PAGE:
How not to price your home in London Ontario
- Take your mortgage balance.
- Add your credit cards.
- Throw in your cars.
- Add a generous portion of all the money you borrowed from relatives.
- Pile on your down payment for that other house you have your eye on.
- Last but not least, give yourself an extra $25,000 for just for being you.
- Get a blank look on your face when you are told by a professional listing Realtor that the buying public doesn’t care what you owe.
- Wait some more.
- Decide you’ll stay after all.
Here’s a better plan:
- Find out what homes like yours have sold for in the past 90 days
- Price the house at that number or 5% less.
- Pack your bags.
The buying public is utterly ambivalent about what you owe to who as it relates to pricing your property. They only care about their own needs. What you need isn’t on their radar, and if you aren’t priced in line with the current perception of value, your listing will get stale and sit unsold for months as you chase the market.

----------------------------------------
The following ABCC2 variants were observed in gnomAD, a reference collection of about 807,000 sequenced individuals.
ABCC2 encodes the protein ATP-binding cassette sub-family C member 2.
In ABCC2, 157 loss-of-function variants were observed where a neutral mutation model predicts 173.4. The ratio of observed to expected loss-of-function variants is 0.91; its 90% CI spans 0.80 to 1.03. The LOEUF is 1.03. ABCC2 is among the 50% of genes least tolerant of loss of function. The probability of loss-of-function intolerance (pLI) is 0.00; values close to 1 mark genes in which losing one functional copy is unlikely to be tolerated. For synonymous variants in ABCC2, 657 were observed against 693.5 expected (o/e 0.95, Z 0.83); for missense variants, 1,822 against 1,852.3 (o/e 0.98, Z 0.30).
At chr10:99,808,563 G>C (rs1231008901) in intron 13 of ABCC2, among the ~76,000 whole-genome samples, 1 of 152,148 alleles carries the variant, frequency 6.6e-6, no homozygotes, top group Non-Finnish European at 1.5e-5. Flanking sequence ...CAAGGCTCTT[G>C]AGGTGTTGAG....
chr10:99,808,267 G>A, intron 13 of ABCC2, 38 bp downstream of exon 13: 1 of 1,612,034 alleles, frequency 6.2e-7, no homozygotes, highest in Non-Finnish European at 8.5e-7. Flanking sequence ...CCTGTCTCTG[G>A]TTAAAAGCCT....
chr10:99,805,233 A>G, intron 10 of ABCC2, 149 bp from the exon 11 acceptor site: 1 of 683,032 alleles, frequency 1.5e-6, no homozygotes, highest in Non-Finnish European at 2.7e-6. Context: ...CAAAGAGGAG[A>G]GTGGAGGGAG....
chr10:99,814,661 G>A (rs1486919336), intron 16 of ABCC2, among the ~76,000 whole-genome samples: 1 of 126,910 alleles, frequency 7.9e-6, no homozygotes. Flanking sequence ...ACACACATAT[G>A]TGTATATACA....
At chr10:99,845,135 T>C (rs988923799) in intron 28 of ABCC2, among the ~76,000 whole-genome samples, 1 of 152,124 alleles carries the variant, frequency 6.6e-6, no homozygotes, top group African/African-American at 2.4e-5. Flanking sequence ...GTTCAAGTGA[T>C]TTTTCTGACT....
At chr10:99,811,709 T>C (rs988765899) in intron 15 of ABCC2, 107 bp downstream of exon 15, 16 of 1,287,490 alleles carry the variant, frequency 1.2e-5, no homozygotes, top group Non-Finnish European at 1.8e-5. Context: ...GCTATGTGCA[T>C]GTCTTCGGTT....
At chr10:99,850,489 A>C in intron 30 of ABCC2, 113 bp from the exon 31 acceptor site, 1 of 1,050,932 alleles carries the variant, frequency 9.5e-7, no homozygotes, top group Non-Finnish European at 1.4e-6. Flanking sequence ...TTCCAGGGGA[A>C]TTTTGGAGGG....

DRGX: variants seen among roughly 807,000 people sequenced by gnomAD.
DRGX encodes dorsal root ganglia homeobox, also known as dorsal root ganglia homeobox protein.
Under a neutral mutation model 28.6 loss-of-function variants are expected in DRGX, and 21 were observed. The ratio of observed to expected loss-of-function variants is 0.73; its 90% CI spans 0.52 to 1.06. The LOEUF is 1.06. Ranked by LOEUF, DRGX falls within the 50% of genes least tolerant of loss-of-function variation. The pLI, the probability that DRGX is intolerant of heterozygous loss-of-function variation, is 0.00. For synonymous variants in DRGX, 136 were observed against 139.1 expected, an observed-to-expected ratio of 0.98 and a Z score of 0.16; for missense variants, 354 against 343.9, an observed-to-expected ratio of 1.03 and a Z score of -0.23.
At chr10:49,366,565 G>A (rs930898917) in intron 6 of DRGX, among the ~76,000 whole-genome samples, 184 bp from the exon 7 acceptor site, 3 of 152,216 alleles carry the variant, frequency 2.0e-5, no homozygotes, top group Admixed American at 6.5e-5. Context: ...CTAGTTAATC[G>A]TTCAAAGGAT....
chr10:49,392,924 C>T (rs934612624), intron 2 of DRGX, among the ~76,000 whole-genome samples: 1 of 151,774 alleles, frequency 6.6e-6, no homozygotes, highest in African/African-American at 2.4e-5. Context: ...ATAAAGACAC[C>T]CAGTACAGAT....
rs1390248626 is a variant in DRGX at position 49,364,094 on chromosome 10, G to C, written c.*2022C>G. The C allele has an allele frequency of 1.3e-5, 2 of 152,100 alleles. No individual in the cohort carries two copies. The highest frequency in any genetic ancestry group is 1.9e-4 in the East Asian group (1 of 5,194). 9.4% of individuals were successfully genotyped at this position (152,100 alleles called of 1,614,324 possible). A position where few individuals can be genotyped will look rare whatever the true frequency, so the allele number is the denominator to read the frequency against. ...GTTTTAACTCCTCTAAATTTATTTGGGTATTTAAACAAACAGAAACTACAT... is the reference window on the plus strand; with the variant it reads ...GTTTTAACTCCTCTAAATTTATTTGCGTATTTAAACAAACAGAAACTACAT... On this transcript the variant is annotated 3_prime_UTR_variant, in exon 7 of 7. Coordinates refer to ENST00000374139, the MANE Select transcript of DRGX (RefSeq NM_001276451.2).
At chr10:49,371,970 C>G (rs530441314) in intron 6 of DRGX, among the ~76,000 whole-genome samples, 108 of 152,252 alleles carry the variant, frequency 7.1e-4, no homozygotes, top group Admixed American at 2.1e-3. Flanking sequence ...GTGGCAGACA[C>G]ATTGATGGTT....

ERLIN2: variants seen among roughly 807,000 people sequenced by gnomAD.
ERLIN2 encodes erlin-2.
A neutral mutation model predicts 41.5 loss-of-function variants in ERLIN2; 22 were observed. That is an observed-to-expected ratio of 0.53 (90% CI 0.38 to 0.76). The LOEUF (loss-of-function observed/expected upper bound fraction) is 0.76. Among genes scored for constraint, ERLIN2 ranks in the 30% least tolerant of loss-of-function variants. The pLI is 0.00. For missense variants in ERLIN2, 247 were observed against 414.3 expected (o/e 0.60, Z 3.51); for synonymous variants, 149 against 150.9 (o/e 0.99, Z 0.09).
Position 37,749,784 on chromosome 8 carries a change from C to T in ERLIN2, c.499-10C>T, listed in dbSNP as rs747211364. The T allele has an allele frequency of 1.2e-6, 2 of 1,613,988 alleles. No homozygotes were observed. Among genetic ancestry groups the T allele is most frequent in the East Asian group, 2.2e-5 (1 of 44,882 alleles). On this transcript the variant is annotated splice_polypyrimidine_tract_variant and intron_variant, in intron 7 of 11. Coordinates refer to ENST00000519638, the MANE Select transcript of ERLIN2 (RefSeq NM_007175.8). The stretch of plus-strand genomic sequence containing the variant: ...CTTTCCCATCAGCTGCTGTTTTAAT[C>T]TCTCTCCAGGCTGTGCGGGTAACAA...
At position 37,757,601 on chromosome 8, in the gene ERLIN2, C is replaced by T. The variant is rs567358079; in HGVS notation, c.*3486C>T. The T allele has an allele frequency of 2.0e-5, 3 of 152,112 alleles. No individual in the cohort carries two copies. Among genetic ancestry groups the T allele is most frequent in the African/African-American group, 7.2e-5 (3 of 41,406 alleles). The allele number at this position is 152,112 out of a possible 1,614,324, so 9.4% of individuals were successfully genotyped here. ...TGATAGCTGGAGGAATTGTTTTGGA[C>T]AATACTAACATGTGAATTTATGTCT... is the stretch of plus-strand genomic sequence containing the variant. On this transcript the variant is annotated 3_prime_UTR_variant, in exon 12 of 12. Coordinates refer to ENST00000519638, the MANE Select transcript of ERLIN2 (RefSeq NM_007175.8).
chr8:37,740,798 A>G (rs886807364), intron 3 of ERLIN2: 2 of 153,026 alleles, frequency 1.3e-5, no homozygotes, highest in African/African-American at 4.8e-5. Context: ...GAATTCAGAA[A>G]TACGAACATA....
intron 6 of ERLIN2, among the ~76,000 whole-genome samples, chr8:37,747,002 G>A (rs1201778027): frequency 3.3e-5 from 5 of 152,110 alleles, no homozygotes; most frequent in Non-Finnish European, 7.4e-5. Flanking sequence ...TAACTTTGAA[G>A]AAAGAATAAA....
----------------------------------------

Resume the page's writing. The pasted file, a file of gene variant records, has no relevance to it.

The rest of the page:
Chasing the market is always being one price point behind what the public is willing to pay. You enter the market at $459,900 when you really ought to be at $449,900. You lower to $449,000 when the market for the house is $439,000. By the time you hit $429,000, it could be 2 months later and the public isn’t willing to pay more than $420,000. (True story)
Each price drop seems harsh, but your real enemy was you starting out too high.
Sellers are in a war of attrition with buyers who lurk before they call, call before they look, and look at everything before they buy. You won’t get a call, look or offer until your price conforms to what the public deems fair.
The only offers overpriced homes get is low ball offers from bold types who wouldn’t pay as much as fair minded people would on a fairly priced home. The only way to win the battle is to price your home at the market price and not allow your ego or personal preferences to cloud your objectivity.
Why go into a battle if you cannot win?